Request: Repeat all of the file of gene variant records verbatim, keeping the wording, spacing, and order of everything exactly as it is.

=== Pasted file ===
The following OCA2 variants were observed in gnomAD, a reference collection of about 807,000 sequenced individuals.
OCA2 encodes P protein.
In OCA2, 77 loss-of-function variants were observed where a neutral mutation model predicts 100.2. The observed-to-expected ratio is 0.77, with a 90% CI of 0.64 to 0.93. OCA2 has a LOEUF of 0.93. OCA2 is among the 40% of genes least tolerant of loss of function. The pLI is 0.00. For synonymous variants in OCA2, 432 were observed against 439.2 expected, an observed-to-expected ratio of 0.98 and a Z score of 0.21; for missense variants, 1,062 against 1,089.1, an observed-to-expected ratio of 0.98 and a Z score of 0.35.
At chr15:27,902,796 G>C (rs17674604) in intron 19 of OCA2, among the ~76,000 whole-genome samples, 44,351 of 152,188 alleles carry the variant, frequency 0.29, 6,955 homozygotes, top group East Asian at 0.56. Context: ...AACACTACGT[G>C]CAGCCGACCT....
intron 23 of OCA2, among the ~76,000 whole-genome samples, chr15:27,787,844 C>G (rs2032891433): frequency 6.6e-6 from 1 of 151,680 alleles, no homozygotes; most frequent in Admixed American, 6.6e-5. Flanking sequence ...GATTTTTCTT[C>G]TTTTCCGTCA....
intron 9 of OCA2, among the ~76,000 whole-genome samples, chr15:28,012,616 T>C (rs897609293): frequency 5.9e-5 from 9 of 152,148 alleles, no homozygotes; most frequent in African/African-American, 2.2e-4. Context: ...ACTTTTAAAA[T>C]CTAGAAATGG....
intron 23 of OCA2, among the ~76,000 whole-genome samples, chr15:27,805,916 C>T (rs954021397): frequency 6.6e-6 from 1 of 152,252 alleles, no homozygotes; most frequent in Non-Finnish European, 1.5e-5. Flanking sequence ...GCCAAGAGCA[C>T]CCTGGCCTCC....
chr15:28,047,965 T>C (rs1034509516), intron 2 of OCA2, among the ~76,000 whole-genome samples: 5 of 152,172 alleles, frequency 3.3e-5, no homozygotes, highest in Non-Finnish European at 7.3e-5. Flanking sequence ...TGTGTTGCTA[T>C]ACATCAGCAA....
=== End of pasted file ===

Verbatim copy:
The following OCA2 variants were observed in gnomAD, a reference collection of about 807,000 sequenced individuals.
OCA2 encodes P protein.
In OCA2, 77 loss-of-function variants were observed where a neutral mutation model predicts 100.2. The observed-to-expected ratio is 0.77, with a 90% CI of 0.64 to 0.93. OCA2 has a LOEUF of 0.93. OCA2 is among the 40% of genes least tolerant of loss of function. The pLI is 0.00. For synonymous variants in OCA2, 432 were observed against 439.2 expected, an observed-to-expected ratio of 0.98 and a Z score of 0.21; for missense variants, 1,062 against 1,089.1, an observed-to-expected ratio of 0.98 and a Z score of 0.35.
At chr15:27,902,796 G>C (rs17674604) in intron 19 of OCA2, among the ~76,000 whole-genome samples, 44,351 of 152,188 alleles carry the variant, frequency 0.29, 6,955 homozygotes, top group East Asian at 0.56. Context: ...AACACTACGT[G>C]CAGCCGACCT....
intron 23 of OCA2, among the ~76,000 whole-genome samples, chr15:27,787,844 C>G (rs2032891433): frequency 6.6e-6 from 1 of 151,680 alleles, no homozygotes; most frequent in Admixed American, 6.6e-5. Flanking sequence ...GATTTTTCTT[C>G]TTTTCCGTCA....
intron 9 of OCA2, among the ~76,000 whole-genome samples, chr15:28,012,616 T>C (rs897609293): frequency 5.9e-5 from 9 of 152,148 alleles, no homozygotes; most frequent in African/African-American, 2.2e-4. Context: ...ACTTTTAAAA[T>C]CTAGAAATGG....
intron 23 of OCA2, among the ~76,000 whole-genome samples, chr15:27,805,916 C>T (rs954021397): frequency 6.6e-6 from 1 of 152,252 alleles, no homozygotes; most frequent in Non-Finnish European, 1.5e-5. Flanking sequence ...GCCAAGAGCA[C>T]CCTGGCCTCC....
chr15:28,047,965 T>C (rs1034509516), intron 2 of OCA2, among the ~76,000 whole-genome samples: 5 of 152,172 alleles, frequency 3.3e-5, no homozygotes, highest in Non-Finnish European at 7.3e-5. Flanking sequence ...TGTGTTGCTA[T>C]ACATCAGCAA....